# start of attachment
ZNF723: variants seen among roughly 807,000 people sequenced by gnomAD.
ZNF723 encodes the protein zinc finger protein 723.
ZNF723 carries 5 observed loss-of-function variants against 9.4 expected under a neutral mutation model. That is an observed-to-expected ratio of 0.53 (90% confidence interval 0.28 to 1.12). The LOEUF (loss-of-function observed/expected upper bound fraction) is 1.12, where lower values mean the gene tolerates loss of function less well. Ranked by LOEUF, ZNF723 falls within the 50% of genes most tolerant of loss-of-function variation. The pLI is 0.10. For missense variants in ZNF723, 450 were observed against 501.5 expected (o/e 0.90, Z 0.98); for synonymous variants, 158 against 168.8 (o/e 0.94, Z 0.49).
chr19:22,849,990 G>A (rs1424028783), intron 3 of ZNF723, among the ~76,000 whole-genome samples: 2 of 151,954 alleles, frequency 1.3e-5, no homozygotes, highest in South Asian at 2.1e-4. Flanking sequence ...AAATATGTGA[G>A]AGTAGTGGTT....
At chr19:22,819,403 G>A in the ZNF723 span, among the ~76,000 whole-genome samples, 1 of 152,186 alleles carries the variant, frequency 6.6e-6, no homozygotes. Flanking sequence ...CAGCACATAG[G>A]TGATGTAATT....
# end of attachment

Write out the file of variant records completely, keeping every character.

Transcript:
ZNF723: variants seen among roughly 807,000 people sequenced by gnomAD.
ZNF723 encodes the protein zinc finger protein 723.
ZNF723 carries 5 observed loss-of-function variants against 9.4 expected under a neutral mutation model. That is an observed-to-expected ratio of 0.53 (90% confidence interval 0.28 to 1.12). The LOEUF (loss-of-function observed/expected upper bound fraction) is 1.12, where lower values mean the gene tolerates loss of function less well. Ranked by LOEUF, ZNF723 falls within the 50% of genes most tolerant of loss-of-function variation. The pLI is 0.10. For missense variants in ZNF723, 450 were observed against 501.5 expected (o/e 0.90, Z 0.98); for synonymous variants, 158 against 168.8 (o/e 0.94, Z 0.49).
chr19:22,849,990 G>A (rs1424028783), intron 3 of ZNF723, among the ~76,000 whole-genome samples: 2 of 151,954 alleles, frequency 1.3e-5, no homozygotes, highest in South Asian at 2.1e-4. Flanking sequence ...AAATATGTGA[G>A]AGTAGTGGTT....
At chr19:22,819,403 G>A in the ZNF723 span, among the ~76,000 whole-genome samples, 1 of 152,186 alleles carries the variant, frequency 6.6e-6, no homozygotes. Flanking sequence ...CAGCACATAG[G>A]TGATGTAATT....